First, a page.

A kilometer south of Kibbutz Yotvata, clearly visible from the highway, are the remains of a Roman fortress from the third and fourth centuries CE. The fortress sat in this remote and forbidding desert for over a thousand years, untouched, unnoticed and covered with sand and dirt until workers digging an oil pipeline happened upon it in the late 1950s. Sometime later, archaeologists found a stone with Latin writing on it, announcing the year of the building of the fortress, and dedicating it to the four co-emperors of the Roman Empire.
The fortress is a classic four-towered square “castellum” measuring 40 meters on each side, and it was one of a series of similar installations called the “Limes Arabicus.” This frontier line of fortifications stretched for a thousand miles from the Red Sea to the northern tip of modern-day Syria, with outposts spaced 70 miles apart. It was probably the most important defensive line in late Roman history, facing to the East the only other superpower, the Persian Empire. On top of the ruin sits a small stone building from the 1930s, a British police station. Depending on how one looks at it, the police station is either an odd distraction from the Roman ruin, or a helpful marker when searching for the fortress.
It is a remarkable little site, and there is no guard, no ticket booth and no souvenir shop. There it sits in the middle of the desert, half-excavated, inviting the visitor to imagine the 40 or 50 soldiers who were sent here in 290 CE, to what must have been considered a hardship post. The temperature regularly exceeds 100 degrees from May through September, and there is rarely more than an inch of rainfall in a year. Just building the fortress and manning the patrols and guard shifts while consuming enough calories to survive in such a far-flung wilderness must have been an overwhelming task.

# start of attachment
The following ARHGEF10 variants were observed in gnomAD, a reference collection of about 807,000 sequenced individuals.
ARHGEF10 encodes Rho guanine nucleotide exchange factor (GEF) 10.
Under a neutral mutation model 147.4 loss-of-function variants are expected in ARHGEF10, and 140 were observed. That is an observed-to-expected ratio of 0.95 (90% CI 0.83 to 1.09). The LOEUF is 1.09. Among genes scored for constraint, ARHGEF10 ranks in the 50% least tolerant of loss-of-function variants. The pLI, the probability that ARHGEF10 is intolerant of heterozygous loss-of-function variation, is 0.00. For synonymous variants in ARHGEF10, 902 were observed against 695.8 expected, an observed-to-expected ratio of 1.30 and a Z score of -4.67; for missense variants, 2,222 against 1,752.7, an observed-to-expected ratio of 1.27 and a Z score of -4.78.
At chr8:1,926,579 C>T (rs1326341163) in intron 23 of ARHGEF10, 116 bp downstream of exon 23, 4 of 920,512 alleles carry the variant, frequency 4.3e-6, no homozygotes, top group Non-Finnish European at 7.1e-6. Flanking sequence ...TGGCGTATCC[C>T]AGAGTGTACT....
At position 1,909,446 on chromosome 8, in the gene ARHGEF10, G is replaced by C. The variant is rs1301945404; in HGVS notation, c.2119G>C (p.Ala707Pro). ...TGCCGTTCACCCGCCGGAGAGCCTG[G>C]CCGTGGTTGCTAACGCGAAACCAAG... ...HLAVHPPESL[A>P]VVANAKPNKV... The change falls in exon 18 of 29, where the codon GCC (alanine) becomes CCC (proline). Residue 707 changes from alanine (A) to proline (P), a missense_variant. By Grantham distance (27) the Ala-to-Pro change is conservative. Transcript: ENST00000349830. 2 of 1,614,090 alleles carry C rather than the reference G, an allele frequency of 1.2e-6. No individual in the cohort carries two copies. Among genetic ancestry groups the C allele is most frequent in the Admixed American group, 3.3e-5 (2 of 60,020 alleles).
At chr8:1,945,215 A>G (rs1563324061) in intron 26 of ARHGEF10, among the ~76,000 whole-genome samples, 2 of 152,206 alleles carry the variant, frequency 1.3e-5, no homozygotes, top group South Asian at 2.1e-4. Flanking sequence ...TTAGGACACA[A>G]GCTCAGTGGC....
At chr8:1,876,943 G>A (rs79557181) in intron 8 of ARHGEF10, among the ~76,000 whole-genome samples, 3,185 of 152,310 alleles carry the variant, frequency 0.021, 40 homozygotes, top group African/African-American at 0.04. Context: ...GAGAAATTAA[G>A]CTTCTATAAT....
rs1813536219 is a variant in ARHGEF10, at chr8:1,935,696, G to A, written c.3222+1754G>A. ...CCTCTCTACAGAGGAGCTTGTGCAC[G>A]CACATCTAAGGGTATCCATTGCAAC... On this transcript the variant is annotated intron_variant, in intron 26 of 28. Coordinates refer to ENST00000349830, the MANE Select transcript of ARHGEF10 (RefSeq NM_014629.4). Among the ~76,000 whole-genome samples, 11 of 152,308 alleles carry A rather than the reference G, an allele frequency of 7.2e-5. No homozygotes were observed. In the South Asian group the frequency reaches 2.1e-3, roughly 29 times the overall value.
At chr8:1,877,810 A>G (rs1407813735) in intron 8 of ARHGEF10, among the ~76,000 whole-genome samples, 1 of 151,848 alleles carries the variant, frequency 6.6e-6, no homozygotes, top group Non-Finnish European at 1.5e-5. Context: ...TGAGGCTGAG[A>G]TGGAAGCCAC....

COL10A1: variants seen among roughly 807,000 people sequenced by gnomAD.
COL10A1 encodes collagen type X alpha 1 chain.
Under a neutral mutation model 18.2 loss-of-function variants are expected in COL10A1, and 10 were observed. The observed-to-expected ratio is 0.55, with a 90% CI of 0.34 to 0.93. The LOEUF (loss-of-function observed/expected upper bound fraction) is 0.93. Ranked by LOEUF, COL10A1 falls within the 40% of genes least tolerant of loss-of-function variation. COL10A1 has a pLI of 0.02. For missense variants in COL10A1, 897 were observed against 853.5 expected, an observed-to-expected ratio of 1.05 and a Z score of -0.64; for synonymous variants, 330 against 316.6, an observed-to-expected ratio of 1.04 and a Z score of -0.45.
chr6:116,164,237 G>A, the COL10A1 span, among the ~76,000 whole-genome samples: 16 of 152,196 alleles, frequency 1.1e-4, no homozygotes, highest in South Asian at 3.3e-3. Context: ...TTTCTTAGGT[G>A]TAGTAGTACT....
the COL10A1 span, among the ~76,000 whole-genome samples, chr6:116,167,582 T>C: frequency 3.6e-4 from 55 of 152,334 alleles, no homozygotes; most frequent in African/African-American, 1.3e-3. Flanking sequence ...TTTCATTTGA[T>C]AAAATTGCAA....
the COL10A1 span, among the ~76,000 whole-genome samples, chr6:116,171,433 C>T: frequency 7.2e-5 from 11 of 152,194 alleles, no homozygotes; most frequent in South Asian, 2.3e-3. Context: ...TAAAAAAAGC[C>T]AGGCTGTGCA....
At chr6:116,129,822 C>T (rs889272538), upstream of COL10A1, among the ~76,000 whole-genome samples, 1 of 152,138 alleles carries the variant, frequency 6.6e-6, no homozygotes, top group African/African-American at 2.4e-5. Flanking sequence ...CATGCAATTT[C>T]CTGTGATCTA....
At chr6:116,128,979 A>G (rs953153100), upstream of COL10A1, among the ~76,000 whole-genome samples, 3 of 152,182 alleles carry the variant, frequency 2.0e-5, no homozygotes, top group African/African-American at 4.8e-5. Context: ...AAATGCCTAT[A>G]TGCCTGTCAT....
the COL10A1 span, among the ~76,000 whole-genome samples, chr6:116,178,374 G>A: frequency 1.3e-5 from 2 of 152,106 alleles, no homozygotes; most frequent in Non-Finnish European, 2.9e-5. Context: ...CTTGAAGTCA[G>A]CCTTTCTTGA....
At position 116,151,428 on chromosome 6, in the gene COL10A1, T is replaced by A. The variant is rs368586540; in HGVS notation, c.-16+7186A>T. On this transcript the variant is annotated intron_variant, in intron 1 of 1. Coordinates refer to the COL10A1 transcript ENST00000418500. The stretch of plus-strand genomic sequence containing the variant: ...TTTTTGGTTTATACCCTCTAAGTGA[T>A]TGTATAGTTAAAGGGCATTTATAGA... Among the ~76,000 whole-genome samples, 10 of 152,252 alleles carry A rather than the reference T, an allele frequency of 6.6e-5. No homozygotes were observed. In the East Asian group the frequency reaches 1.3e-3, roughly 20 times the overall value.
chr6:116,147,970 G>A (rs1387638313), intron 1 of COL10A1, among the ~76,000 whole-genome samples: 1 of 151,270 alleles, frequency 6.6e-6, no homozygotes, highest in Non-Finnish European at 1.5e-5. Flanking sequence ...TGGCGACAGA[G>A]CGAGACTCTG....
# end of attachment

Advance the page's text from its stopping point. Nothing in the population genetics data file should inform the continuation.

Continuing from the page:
And yet, about fifty meters north of the fortress is a small Roman bath. The site is found directly east of a small water source, the Yotvata Spring (Ein Radian), so getting water to the bathhouse was probably just one of the daily tasks of the soldiers. But building the structure itself must have been a challenging prospect. Like the fortress, the bath lies in ruins, but its ultimate purpose is as clear as if it had been discovered in some grand villa in Rome: a heated chamber for hygiene and relaxation. Like every Roman bath-house, this little version contains a hypocaust (the space under the false floor into which hot air is pumped from a fire), a caldarium (the sauna room itself) as well as the traditional tepidarium and frigidarium (which are what they sound like). This is a surprising window into the cultural mindset of the Roman Empire. Sent off to a post in which survival itself was a challenge, these soldiers invested the time, energy, and creative ingenuity to construct a sauna. This was a priority. Lavatories?: No need, just go behind a rock. Some primitive form of air conditioning? Beyond the imagination. A library perhaps?: The soldiers were illiterate. No, what these men absolutely could not do without was a sauna. Remember, the temperature outside regularly breaks 100 degrees Fahrenheit.
Many historians would argue that the purpose of this heat treatment was, among other things, to clean the body. The hot red skin would be scraped off with a special tool, and the user would emerge with a new pink layer of fresh skin. As such, this could be compared to soldiers in a remote area today building themselves a field shower.
But maybe what motivated these soldiers was not just a love of hygiene, but a love of home. The life of a soldier of the Caesars was a transient one, moving from place to place, guarding outposts, putting down rebellions and patrolling hostile borders. With luck, at the end of their military career, they might be given some land, but the concept of home was a lifetime away in time and distance. Human beings need to create a sense of place, even, or perhaps especially, when they are sent to the furthest wilderness. It is why penniless refugees saved the kiddush cup from their childhood, and why immigrants everywhere continue to go to great lengths to enjoy the recipes of long-lost parents and grandparents in their adopted countries.
When I was a soldier guarding a meaningless mountain, during a long and cold shift, a sweet letter from my girlfriend and a small box of homemade chocolate chip cookies got me through the night with a sense of warmth and comfort. Such was the motivation of the Roman soldiers at Yotvata, who took the time and trouble to build a sauna in a forbidding outpost so that they could have the occasional relaxing shvitz, and for a few brief moments, think about home.